• Image of The Blue Tapes House Band vol. 3: Chase Me Before The Plague
  • Image of The Blue Tapes House Band vol. 3: Chase Me Before The Plague
  • Image of The Blue Tapes House Band vol. 3: Chase Me Before The Plague
  • Image of The Blue Tapes House Band vol. 3: Chase Me Before The Plague

Pro-dubbed C120 (track repeats both sides) with all-over onbody printing and printed O-card case

It’s like when our minds are volcanos, just blasting out neurons.

I’m not quite sure how to describe this release - the latest by Blue Tapes supergroup The Blue Tapes House Band - which I think is a good thing. I mean, I could say that it sounds like a column of white-hot star matter scrolling at lightspeed into the gaping maw of a black hole, which is TOTALLY what it sounds like to me, but that would probably be quite pretentious, and actually maybe that isn’t how it sounds at all, but rather how I interpret it when I listen, volume cranked to infinity, eyes clenched shut.

Light and heat and antimatter and void.

We can probably agree that whatever this 57 min blast of energy is comprised of, the way it is heading is UP. Utterly indefinable noise and not-quite shapes being sucked upwards forever, while two sentient forces swirl within, bound in some cosmic hate-ballet. These wormhole angels are played on this recording by Oxbow’s Eugene S. Robinson and Map 71’s Lisa Jayne, whose spoken word utterances throughout this infernoscape feel locked like horns - simultaneously at odds and of a piece.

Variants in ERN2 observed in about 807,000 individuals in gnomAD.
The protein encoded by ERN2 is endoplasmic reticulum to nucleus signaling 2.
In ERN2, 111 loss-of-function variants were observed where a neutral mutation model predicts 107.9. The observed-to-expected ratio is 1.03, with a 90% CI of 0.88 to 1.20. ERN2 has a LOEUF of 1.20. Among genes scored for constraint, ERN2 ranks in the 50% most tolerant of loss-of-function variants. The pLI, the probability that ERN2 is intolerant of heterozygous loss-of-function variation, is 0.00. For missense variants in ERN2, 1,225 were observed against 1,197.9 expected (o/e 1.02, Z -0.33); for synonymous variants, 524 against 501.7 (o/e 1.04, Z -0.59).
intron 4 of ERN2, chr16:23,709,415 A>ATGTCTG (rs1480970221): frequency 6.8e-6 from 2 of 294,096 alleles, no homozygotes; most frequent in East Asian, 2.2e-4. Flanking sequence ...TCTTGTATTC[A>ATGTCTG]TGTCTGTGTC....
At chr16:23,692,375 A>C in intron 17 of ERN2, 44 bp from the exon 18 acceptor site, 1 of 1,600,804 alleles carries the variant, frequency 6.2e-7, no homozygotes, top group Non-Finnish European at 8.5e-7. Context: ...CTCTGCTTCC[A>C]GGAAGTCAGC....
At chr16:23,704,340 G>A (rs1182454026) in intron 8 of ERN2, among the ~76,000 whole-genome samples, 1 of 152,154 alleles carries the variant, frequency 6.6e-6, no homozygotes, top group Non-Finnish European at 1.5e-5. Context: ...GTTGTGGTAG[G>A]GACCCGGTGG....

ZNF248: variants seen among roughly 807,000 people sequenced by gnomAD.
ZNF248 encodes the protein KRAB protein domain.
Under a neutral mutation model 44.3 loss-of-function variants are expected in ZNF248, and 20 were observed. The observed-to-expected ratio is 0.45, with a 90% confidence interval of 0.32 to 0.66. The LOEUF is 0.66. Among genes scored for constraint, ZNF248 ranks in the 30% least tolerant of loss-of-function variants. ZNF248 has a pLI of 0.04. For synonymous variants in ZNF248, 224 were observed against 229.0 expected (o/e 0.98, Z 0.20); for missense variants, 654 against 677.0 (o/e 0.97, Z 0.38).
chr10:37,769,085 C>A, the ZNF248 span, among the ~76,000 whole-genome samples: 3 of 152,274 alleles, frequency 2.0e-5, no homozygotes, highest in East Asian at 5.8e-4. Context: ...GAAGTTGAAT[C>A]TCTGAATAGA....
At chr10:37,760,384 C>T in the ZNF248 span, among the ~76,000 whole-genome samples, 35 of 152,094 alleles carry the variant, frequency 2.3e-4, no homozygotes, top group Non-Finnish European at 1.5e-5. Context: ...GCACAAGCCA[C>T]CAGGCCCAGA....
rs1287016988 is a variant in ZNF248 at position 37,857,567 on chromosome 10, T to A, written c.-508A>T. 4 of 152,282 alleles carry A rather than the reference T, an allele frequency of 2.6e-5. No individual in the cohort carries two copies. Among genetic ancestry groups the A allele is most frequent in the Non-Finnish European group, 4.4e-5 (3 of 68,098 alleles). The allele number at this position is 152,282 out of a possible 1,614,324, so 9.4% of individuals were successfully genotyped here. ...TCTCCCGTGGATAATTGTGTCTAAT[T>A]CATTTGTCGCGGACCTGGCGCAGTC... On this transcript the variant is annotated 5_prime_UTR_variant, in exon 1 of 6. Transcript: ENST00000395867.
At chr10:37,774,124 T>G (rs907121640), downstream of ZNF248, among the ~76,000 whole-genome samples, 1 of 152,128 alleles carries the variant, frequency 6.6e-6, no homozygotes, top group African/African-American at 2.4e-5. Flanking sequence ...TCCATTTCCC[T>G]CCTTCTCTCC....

This is the most intense recording this label has ever released. The only thing matching it in terms of sheer transdimensional horror is Jute Gyte’s epic avant-black metal reading of 20th century American poetry on The Sparrow.

It doesn’t appear to contain a note of music. Which is weird, because I know there are some in there - because I committed many of them to hard drive via my BC Rich guitar when I sent the seeds of this piece to Matt Collins. My only explanation for what could have happened to them is that Matt expanded each riff and scrape and lead out and out until he could see and poke in amongst the individual atoms, and then smashed those atoms hard into each other in some kind of globe-traversing particle accelerator.

And then probably the ‘music’ is just him making a field recording of that, I don’t know.

We’ve been keeping ourselves to ourselves to a while, conscious of not wanting to take up too much room. But fuck it, it’s 2019, Blue Tapes is back, and we got obnoxious as hell. Jack in to these sounds, incinerate your mind, transubstantiate.